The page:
The Shakespeare Conference: SHK 29.0324 Monday, 17 September 2018
Date: September 14, 2018 at 11:43 PM EDT
Subject: Re: Young Hamlet
I began a reply to Gerald Baker on the Young Hamlet thread. I appreciate his interest, which I hope will continue through my discussion of John of Bordeaux.
Downs’s posting on 3rd August (if you want to look at the speeches without . . . ellipses . . . speeches are on sig. B4r in Q1, C1r-v in Q2).
I advocate first sources and accessible editions. Hardy’s post-length great offender, I rely on ‘. . .’
such transposition cannot prove corruption if there is another possible cause . . .
Single instances can be powerful evidence; the case against Q1 is also furthered by the numbers in each corruption category. The Qs provide many instances; other possible causes are overworked.
Downs suggests “…the player of Hamlet probably learned the lines as in Q1.”
Is he saying that the Q1 speech is an accurate transcript of what the player spoke? [Yes, probably.] [Then] the corruption . . . stems from the player—in which case we’re not far from [MR], except in [MR] the player is remembering inaccurately, and in this case the player would be learning inaccurately . . .
To reiterate (imo), Q1 must be bad MR badly performed and theatrically reported. I cite van Dam’s analysis by which he supported shorthand transmission. He attributes some Q1 corruption to ‘revisers,’ who I think were ‘reconstructors.’ He neglects that possibility. My concept for a good while has been to ‘conflate’ reconstructor-memory and performer-memory. Van Dam’s arguments apply to both and it is hard to know which agent is responsible for which error. However, some mistakes can really only be explained by performance, as Leartes’s, ‘I will . . .’ Van Dam asserts that no writer or rewriter would originate (or transpose) such a senseless line at that spot; therefore, it was an actor’s muff. That’s why I quote his argument. In Q2, to ‘stay’ means to ‘support’—not to ‘stop’ (though in each case meaning derives from to ‘hold up’ (see Schmidt—and Clarence in R3 1.4). Moreover, the King puts the dialogue back on track. I’m going to show a similar sequence in Bordeaux.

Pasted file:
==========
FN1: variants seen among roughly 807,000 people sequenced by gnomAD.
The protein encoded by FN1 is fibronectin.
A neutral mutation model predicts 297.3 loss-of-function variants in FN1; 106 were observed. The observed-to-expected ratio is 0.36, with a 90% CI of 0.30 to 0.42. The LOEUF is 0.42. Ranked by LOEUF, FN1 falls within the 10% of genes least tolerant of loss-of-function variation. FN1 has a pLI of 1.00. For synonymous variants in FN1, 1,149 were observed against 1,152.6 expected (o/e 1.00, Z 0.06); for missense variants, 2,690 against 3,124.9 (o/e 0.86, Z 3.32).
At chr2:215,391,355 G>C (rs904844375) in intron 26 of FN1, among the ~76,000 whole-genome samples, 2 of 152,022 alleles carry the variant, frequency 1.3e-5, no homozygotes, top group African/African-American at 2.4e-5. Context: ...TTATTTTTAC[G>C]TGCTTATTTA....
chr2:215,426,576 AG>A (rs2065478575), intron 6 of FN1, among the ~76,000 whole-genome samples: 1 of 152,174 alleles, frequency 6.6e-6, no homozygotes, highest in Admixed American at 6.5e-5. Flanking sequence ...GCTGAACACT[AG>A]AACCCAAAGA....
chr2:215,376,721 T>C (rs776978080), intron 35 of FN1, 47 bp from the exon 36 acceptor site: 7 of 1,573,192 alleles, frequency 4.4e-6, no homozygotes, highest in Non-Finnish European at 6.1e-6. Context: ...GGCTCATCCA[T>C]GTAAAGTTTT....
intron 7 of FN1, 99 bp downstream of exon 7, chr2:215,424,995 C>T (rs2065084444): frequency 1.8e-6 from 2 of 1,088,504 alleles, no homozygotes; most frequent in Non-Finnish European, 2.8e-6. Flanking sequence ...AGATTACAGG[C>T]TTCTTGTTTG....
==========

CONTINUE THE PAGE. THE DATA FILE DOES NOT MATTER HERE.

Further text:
In the instance where Baker objects to my ‘probably’, van Dam notes that the player managed to get all the elements into the speech, but in the wrong order. I suppose that would happen in a reconstruction phase, when the reporter had time to wrack his memory; an actor is unlikely to succeed as well onstage. That’s why I say he probably learned the lines as the original reporter remembered. Q1 is too corrupt for simple explanation.
(I assume . . . GD reckons the ‘correct’ version of the speech is something close to the Q2 version [right] if . . . that were also significantly corrupted, then we are in total freefall).
Q1 is far more corrupt than F or Q2.
The player . . . is presumably Richard Burbage . . . is GD saying that [he] . . . was incapable . . .?
The ‘Hamlet’ associated with Q2/F would not be associated with the corrupt Q1 performance. That is, the players were not the King’s Men. However, we can only know how good they were by shorthand reporting (our only time machine, which some doubt).